by John Wombell (NOSAS)
Intertidal track ways on the Caolas peninsular
This is the first time that I have been aware of such features anywhere in the highlands or on other Scottish islands. The Caolas track ways are all about 2m wide where stones have been shifted left and right through the intertidal boulder spreads and outcrops to avoid lengthy routes around the hags over the soft and fragile swards of the saltings on the high water mark.
On the east side of Fadamull islet which is connected to the main island by a tombolo (a gravel bar covered at high tide) we found 7 cleared boat landing places most of which were connected to a naturally clear beach where boats could be pulled right up out of the water by a cleared track way that ran parallel to the shore. Otherwise the cleared landing places stopped short of the high tide mark – all rather strange as we don’t know what they were for. There are more than a dozen short lengths of seaweed drying walls on the islet but only one possible burning pit. Our thinking meantime is that the cleared landings were used to beach heavily laden small boats stacked to the gunwales with seaweed after which they were unloaded into carts or panniers using the intertidal track way off the sterns of the boats. Smart thinking as taking heavy wet seaweed off the sides of a small boat and staggering up a rocky beach with it would not have been very efficient. Whether this arrangement was purely associated with burning seaweed to produce kelp (soda ash) or for landing seaweed to be used as manure we don’t know. A bit of both maybe? Possibly also associated with the time when the iodine factory was functioning and calling for large supplies of seaweed.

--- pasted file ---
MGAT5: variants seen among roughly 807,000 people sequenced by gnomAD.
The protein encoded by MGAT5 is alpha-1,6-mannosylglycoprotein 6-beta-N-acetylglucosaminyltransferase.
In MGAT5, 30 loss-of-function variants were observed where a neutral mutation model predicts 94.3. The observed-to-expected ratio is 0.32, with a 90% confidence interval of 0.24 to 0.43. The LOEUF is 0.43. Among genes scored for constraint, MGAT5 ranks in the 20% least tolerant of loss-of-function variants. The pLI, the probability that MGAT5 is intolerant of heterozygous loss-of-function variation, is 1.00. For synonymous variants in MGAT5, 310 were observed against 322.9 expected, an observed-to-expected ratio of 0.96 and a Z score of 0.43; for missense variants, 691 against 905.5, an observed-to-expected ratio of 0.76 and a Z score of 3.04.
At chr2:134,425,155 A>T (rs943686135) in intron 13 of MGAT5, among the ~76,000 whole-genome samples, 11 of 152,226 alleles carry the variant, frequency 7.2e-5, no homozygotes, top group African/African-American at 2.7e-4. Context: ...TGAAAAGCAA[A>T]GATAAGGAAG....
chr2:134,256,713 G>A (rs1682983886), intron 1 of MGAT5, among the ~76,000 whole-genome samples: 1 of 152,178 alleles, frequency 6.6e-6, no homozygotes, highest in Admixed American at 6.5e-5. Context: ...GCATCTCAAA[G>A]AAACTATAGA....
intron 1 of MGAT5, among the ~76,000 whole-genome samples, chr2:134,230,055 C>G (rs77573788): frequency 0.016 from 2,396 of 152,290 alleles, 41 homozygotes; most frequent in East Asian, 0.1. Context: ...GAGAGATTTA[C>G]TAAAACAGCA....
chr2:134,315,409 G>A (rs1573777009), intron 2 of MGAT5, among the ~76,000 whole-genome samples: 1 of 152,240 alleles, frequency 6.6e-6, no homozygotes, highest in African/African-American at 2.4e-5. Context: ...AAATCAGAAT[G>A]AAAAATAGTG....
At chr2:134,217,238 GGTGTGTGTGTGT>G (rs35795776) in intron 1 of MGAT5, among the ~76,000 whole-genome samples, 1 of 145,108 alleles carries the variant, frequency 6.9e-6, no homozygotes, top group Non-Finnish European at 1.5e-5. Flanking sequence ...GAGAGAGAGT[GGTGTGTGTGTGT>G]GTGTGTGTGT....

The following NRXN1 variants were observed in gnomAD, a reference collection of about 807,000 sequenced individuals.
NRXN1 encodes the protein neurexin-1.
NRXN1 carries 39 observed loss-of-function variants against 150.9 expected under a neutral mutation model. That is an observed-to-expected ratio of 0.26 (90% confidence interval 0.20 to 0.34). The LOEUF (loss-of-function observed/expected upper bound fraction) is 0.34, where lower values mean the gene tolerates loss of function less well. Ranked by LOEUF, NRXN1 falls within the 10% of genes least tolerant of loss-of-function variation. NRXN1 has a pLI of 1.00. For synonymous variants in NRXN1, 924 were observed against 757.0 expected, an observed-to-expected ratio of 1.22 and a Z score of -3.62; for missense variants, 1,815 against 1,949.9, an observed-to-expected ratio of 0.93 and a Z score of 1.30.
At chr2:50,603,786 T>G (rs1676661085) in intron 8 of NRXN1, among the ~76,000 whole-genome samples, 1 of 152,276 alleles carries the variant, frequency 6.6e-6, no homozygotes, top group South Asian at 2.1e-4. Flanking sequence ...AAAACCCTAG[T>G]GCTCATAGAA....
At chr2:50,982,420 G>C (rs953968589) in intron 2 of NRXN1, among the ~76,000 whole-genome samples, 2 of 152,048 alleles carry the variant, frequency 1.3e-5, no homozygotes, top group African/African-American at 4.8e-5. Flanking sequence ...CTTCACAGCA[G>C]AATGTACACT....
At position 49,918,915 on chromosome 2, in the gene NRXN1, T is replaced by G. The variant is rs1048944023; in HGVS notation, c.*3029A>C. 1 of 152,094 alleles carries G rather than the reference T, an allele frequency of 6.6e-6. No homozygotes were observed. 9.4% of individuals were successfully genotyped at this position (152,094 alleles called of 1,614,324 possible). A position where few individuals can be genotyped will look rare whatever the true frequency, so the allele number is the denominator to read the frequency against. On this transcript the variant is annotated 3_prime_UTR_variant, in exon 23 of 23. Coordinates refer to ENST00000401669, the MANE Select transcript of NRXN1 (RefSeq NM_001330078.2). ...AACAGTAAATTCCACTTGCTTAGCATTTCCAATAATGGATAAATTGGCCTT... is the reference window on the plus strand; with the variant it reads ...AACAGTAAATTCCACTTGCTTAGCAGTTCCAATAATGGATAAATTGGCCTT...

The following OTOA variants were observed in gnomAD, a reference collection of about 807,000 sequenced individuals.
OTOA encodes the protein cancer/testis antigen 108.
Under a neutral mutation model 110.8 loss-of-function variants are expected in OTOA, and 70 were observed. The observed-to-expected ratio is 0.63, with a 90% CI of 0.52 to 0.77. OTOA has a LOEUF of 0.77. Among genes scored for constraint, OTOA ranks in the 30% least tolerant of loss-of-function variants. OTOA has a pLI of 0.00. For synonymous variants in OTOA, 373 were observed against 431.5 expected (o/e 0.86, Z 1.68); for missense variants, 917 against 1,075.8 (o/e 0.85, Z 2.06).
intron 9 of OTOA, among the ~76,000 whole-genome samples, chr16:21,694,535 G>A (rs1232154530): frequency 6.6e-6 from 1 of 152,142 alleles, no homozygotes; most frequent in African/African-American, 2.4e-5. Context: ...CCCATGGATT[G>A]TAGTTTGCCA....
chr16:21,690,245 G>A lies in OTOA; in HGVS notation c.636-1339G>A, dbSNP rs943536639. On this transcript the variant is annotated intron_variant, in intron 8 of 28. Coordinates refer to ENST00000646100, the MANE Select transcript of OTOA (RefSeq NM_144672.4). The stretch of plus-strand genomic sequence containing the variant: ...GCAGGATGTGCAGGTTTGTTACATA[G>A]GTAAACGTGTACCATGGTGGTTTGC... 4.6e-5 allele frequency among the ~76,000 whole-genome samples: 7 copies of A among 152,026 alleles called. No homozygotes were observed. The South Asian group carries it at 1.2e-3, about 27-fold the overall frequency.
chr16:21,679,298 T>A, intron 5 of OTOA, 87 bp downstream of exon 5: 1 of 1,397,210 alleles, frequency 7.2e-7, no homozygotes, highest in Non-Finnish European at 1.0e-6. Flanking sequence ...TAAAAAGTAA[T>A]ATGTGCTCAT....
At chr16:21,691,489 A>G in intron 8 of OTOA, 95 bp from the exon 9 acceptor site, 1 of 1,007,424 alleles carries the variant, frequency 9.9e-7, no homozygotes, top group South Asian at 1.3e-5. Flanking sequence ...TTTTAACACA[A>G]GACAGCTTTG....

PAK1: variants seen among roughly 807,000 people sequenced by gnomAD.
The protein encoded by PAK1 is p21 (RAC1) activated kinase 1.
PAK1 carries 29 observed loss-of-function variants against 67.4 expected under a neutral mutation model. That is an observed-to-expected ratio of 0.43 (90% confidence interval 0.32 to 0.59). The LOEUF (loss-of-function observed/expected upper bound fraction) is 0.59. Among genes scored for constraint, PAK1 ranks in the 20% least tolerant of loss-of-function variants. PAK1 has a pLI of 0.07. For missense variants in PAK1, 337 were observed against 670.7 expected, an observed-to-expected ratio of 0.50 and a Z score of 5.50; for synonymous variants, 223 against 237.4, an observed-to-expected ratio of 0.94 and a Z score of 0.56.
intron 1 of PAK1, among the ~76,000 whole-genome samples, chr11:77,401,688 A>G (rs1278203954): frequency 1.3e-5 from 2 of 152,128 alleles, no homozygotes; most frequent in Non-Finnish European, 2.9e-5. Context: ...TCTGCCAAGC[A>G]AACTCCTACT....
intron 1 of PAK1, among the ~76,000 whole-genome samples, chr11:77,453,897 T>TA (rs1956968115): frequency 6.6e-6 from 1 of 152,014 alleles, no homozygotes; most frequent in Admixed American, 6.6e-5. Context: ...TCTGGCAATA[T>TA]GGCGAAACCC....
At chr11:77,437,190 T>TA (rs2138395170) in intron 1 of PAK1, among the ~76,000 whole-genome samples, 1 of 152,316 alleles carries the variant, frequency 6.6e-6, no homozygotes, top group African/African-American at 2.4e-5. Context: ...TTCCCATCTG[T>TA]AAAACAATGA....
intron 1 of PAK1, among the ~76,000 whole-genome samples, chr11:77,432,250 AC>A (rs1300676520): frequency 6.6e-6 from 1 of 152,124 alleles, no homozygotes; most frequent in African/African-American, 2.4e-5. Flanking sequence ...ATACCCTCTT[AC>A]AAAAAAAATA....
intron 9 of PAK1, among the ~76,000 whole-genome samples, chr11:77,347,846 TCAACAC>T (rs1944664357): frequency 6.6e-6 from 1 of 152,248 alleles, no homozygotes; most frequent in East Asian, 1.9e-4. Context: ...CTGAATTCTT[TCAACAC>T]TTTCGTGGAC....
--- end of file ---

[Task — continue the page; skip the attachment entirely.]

Seaweed use as a manure was very important well into the 20th century for many coastal communities. Seaweed provides a readily available source of nitrogen and potassium i.e. it isn’t locked up in an insoluble form, but there is next to no phosphorous in seaweed. Seaweed has no lasting manurial effect and must be applied annually. Animal dung is the best natural source of phosphorous and either the arable land had to be rested and grazed on rotation or dung spread periodically on the land to maintain levels of phosphorous essential for plant growth. Continued cereal cropping using seaweed as the only manure soon results in falling yields.
At several locations around the island we found plenty of drying wall evidence but few or no burning pits nearby. Maybe all traces of the pits had been removed during subsequent land improvement or the seaweed was being taken to a central township location for burning? Other places had pits by the dozen. Continue reading